How to Choose a Flea and Tick Pill for Dogs

5 min read

When the weather warms up, many pet parents’ thoughts turn to parasites, particularly fleas and ticks. The ongoing battle against those creepy crawlies is a fact of life for dog owners, but flea and tick pills can work wonders in keeping them off your dog and out of your home.

 

Some medications only kill fleas and leave dogs open to a tick infestation, so it’s important to know which products cover what before you decide on one.

 

Now you can find chewable flea medicines for dogs that also offer protection from various species of ticks. Which is the best flea and tick pill for dogs, though, and how do you choose?

 

Finding the Right Flea and Tick Pill for Your Dog

 

The first thing you need to do when you’re deciding on an oral flea and tick medication for dogs is to speak with your veterinarian. In most cases, you’ll need to get a prescription for the pills, so it’s a great time to discuss the pros and cons of various flea and tick pill options.

 

Several factors play into choosing the best pill for your dog, including:

 

  • Your dog’s age

  • Your dog’s size

  • The parasite population in your area

 

It’s important that you choose a medication that is safe based on your dog’s age and size. Your veterinarian will prescribe the correct flea and tick pill based on the age and weight requirements listed on the package.

 

Your vet will also have important information about how well a particular medication is working in your geographical area. This is important because insect populations can build up a tolerance to parasite prevention medications over time, which makes them less effective.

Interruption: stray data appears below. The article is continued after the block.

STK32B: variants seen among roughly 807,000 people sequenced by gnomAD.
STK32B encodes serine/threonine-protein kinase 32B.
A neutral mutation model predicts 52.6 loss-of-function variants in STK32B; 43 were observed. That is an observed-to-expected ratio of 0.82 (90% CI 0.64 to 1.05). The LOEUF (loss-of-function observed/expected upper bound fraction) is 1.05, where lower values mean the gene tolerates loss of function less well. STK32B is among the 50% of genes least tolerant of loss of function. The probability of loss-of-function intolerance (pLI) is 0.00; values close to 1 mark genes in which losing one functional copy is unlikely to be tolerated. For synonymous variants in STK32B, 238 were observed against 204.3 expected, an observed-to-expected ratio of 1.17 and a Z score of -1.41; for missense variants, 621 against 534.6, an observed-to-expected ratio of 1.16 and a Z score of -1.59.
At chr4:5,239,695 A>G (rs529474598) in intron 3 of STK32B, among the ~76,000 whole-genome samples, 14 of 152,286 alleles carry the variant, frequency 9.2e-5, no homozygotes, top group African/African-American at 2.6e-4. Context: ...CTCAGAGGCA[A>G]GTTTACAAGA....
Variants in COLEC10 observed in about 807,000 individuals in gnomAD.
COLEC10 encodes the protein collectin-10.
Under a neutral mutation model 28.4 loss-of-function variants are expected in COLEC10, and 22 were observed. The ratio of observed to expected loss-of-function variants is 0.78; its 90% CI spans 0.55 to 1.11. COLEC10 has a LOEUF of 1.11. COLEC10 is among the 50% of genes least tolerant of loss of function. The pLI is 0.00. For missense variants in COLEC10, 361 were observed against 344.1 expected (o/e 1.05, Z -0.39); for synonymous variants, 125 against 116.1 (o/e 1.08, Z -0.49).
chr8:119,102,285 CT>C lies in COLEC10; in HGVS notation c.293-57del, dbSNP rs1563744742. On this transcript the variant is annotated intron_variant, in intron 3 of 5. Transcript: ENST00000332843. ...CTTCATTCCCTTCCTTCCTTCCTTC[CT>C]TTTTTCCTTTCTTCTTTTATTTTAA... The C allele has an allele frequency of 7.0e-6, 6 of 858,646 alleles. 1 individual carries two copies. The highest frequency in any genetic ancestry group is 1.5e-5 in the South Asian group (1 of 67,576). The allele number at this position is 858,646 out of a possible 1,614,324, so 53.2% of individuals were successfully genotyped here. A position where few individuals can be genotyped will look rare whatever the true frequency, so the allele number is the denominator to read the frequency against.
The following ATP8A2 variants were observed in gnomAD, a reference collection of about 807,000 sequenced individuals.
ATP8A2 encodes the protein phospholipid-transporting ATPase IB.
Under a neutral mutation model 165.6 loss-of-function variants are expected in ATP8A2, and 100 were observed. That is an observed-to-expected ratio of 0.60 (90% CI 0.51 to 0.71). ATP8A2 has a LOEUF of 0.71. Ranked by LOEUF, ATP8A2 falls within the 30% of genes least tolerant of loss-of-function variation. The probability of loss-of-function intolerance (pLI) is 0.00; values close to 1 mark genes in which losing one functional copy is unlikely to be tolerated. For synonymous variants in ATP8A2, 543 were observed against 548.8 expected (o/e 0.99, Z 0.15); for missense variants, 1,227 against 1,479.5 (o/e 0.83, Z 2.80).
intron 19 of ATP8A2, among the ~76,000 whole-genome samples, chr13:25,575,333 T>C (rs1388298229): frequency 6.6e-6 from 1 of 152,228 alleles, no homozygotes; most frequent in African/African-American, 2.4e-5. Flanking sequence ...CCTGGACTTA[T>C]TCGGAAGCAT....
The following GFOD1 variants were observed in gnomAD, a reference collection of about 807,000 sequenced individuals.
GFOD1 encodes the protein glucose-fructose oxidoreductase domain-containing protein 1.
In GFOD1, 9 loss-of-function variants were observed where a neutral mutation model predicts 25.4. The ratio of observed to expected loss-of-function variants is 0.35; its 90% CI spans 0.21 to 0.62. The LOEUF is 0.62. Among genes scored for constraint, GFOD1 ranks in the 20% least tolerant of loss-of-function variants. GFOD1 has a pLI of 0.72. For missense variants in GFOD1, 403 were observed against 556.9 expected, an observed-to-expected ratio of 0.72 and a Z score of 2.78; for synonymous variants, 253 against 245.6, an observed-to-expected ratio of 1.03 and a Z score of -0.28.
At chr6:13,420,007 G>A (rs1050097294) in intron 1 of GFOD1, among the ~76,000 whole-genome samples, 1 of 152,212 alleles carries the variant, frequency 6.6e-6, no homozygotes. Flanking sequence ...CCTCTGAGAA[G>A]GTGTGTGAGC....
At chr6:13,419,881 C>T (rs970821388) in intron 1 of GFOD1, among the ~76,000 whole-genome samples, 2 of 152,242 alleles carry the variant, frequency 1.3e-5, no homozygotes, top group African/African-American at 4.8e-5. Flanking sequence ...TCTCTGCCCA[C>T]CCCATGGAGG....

Ask your vet about a medication that also kills ticks if your pet is frequently exposed to ticks in wooded or grassy areas.

 

Options for Oral Flea and Tick Medications for Dogs

 

Brand

Parasites

Treated

Frequency

Weight and Age Restrictions

Active 

Ingredient

 

Bravecto

 

Kills adult fleas and ticks

Every 12 weeks

4.4 pounds

6 months

Fluralaner

 

Capstar

 

Kills adult fleas

Once in a 24-hour period (not used as ongoing treatment)

2 pounds

4 weeks

Nitenpyram

 

Comfortis

 

Kills adult fleas

Monthly

5 pounds

14 weeks

Spinosad

 

NexGard

 

Kills fleas and ticks

Monthly

4.4 pounds

8 weeks

Afoxolaner

 

Simparica

 

Kills adult fleas and ticks

Monthly

2.8 pounds

6 months

Sarolaner

Trifexis

Prevents heartworm disease

 

Kills adult fleas

 

Controls roundworms, whipworms and hookworms

Monthly

5 pounds

8 weeks

Spinosad

 

Milbemycin oxime

Sentinel

Prevents heartworm disease

 

Prevents flea maturation

 

Controls roundworms, whipworms and hookworms

Monthly

2 pounds

4 weeks

Lufenuron

 

Milbemycin oxime

 

Bravecto

 

Bravecto is a multi-action, chewable flea and tick tablet that treats and prevents infestations. It uses the active ingredient fluralaner to kill adult ticks and fleas. Once a flea or tick has attached to a dog, they are exposed to fluralaner, which attacks the nervous system of fleas and ticks and paralyzes them.

 

This pill is given every 12 weeks, rather than the more common monthly pills, or every eight weeks for the treatment of Lonestar tick infestations.

 

It shouldn’t be used in dogs under 4.4 pounds or younger than 6 months. This medication may cause seizures, even in dogs that don’t have a history of them.